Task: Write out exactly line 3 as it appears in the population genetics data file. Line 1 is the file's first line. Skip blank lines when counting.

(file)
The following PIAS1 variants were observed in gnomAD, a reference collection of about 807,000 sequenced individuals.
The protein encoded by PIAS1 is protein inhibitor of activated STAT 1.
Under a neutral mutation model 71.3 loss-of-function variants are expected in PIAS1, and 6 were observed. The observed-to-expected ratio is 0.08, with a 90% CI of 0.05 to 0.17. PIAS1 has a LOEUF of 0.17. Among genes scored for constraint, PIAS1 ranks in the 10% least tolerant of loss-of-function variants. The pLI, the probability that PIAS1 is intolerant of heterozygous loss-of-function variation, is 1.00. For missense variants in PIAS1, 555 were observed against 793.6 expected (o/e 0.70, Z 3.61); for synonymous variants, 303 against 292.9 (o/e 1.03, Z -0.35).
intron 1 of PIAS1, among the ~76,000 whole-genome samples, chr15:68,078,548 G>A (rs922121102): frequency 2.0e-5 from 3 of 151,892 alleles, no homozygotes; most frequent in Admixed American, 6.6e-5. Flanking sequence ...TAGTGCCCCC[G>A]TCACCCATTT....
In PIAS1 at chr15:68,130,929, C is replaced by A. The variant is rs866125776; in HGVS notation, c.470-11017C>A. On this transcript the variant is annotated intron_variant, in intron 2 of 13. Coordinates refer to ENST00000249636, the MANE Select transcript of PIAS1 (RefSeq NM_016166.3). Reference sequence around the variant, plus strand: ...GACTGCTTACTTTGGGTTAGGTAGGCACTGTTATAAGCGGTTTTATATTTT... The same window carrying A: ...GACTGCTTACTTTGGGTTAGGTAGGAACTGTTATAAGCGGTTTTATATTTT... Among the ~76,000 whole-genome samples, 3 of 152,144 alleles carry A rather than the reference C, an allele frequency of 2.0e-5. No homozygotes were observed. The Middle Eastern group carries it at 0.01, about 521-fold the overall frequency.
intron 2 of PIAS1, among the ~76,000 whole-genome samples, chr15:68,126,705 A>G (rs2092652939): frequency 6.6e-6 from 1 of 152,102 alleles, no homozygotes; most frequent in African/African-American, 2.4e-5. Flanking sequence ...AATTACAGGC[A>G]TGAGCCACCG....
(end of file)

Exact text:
Under a neutral mutation model 71.3 loss-of-function variants are expected in PIAS1, and 6 were observed. The observed-to-expected ratio is 0.08, with a 90% CI of 0.05 to 0.17. PIAS1 has a LOEUF of 0.17. Among genes scored for constraint, PIAS1 ranks in the 10% least tolerant of loss-of-function variants. The pLI, the probability that PIAS1 is intolerant of heterozygous loss-of-function variation, is 1.00. For missense variants in PIAS1, 555 were observed against 793.6 expected (o/e 0.70, Z 3.61); for synonymous variants, 303 against 292.9 (o/e 1.03, Z -0.35).